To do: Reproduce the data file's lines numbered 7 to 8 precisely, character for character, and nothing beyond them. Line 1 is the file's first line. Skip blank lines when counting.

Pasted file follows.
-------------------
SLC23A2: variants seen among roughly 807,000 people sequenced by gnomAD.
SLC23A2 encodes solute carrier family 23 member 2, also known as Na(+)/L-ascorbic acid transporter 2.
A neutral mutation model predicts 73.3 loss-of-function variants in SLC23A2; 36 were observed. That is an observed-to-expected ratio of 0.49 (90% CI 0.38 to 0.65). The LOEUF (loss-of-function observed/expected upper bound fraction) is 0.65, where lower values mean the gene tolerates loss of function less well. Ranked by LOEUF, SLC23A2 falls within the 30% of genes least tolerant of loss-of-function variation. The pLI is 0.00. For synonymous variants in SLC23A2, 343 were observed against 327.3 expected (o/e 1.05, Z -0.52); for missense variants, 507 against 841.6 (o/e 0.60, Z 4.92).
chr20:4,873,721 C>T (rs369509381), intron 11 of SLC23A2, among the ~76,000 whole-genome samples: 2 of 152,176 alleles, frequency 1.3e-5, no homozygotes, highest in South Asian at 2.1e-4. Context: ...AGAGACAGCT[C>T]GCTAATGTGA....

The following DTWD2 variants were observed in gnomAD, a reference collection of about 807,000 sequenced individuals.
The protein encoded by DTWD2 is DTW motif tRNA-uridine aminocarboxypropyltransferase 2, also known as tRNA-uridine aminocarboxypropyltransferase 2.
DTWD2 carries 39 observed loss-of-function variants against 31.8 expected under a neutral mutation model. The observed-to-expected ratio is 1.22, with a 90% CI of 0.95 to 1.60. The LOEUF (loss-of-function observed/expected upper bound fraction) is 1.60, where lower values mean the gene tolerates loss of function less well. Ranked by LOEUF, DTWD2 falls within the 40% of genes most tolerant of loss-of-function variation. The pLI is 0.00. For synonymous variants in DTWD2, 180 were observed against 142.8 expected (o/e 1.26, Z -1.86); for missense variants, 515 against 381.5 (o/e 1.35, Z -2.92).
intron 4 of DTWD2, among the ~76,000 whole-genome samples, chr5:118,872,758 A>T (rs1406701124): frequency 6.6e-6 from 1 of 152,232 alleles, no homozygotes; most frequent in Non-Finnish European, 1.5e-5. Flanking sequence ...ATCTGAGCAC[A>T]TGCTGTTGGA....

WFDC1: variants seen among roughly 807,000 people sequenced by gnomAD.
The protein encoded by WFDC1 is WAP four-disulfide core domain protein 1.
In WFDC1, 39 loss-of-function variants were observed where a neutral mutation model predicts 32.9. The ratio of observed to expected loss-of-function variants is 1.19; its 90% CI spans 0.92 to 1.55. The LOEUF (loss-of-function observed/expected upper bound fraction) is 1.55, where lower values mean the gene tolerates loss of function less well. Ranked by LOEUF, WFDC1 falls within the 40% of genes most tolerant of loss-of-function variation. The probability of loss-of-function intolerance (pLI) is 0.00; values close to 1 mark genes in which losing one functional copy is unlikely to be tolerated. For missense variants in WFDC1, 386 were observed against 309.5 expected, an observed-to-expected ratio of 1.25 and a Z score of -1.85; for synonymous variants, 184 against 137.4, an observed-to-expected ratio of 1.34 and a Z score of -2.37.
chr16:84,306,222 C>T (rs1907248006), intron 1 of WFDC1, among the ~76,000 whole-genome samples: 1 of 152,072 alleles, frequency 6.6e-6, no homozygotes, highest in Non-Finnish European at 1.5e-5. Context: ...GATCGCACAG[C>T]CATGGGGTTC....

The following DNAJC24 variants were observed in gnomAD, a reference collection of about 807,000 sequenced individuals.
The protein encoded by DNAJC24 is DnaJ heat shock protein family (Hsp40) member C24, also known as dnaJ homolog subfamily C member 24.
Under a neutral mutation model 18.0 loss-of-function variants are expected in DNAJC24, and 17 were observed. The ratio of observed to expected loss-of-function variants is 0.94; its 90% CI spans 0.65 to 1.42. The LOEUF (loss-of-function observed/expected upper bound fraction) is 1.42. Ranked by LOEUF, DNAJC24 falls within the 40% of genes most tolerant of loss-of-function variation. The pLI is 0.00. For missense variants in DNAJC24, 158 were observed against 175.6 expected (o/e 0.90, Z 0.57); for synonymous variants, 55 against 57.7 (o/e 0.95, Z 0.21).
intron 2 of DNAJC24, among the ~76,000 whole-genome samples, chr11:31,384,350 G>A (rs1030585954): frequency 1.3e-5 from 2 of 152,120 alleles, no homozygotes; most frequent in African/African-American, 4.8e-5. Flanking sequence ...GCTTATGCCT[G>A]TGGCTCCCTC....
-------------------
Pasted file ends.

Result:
DTWD2 carries 39 observed loss-of-function variants against 31.8 expected under a neutral mutation model. The observed-to-expected ratio is 1.22, with a 90% CI of 0.95 to 1.60. The LOEUF (loss-of-function observed/expected upper bound fraction) is 1.60, where lower values mean the gene tolerates loss of function less well. Ranked by LOEUF, DTWD2 falls within the 40% of genes most tolerant of loss-of-function variation. The pLI is 0.00. For synonymous variants in DTWD2, 180 were observed against 142.8 expected (o/e 1.26, Z -1.86); for missense variants, 515 against 381.5 (o/e 1.35, Z -2.92).
intron 4 of DTWD2, among the ~76,000 whole-genome samples, chr5:118,872,758 A>T (rs1406701124): frequency 6.6e-6 from 1 of 152,232 alleles, no homozygotes; most frequent in Non-Finnish European, 1.5e-5. Flanking sequence ...ATCTGAGCAC[A>T]TGCTGTTGGA....